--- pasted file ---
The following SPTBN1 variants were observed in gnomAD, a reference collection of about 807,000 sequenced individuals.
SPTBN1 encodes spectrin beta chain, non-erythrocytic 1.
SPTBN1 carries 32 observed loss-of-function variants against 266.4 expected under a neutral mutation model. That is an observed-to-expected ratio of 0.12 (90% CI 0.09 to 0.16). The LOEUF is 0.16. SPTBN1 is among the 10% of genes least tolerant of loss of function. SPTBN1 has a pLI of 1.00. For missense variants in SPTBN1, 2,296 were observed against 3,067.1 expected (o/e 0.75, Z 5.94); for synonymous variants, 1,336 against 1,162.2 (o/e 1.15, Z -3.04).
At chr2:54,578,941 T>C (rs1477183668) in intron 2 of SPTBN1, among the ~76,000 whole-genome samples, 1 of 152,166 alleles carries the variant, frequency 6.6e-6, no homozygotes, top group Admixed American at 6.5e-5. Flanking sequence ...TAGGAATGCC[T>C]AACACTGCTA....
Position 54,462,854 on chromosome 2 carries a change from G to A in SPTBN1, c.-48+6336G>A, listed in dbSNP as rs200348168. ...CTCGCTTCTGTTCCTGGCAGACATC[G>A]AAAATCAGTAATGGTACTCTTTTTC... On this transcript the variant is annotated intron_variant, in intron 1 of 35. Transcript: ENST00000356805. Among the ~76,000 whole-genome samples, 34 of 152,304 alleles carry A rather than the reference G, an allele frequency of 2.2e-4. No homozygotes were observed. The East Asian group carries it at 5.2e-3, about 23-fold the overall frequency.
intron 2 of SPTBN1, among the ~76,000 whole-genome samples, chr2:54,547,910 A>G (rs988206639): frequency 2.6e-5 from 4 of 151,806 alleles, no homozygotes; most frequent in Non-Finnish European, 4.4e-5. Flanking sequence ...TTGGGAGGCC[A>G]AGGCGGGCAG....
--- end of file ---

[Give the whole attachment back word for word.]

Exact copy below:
The following SPTBN1 variants were observed in gnomAD, a reference collection of about 807,000 sequenced individuals.
SPTBN1 encodes spectrin beta chain, non-erythrocytic 1.
SPTBN1 carries 32 observed loss-of-function variants against 266.4 expected under a neutral mutation model. That is an observed-to-expected ratio of 0.12 (90% CI 0.09 to 0.16). The LOEUF is 0.16. SPTBN1 is among the 10% of genes least tolerant of loss of function. SPTBN1 has a pLI of 1.00. For missense variants in SPTBN1, 2,296 were observed against 3,067.1 expected (o/e 0.75, Z 5.94); for synonymous variants, 1,336 against 1,162.2 (o/e 1.15, Z -3.04).
At chr2:54,578,941 T>C (rs1477183668) in intron 2 of SPTBN1, among the ~76,000 whole-genome samples, 1 of 152,166 alleles carries the variant, frequency 6.6e-6, no homozygotes, top group Admixed American at 6.5e-5. Flanking sequence ...TAGGAATGCC[T>C]AACACTGCTA....
Position 54,462,854 on chromosome 2 carries a change from G to A in SPTBN1, c.-48+6336G>A, listed in dbSNP as rs200348168. ...CTCGCTTCTGTTCCTGGCAGACATC[G>A]AAAATCAGTAATGGTACTCTTTTTC... On this transcript the variant is annotated intron_variant, in intron 1 of 35. Transcript: ENST00000356805. Among the ~76,000 whole-genome samples, 34 of 152,304 alleles carry A rather than the reference G, an allele frequency of 2.2e-4. No homozygotes were observed. The East Asian group carries it at 5.2e-3, about 23-fold the overall frequency.
intron 2 of SPTBN1, among the ~76,000 whole-genome samples, chr2:54,547,910 A>G (rs988206639): frequency 2.6e-5 from 4 of 151,806 alleles, no homozygotes; most frequent in Non-Finnish European, 4.4e-5. Flanking sequence ...TTGGGAGGCC[A>G]AGGCGGGCAG....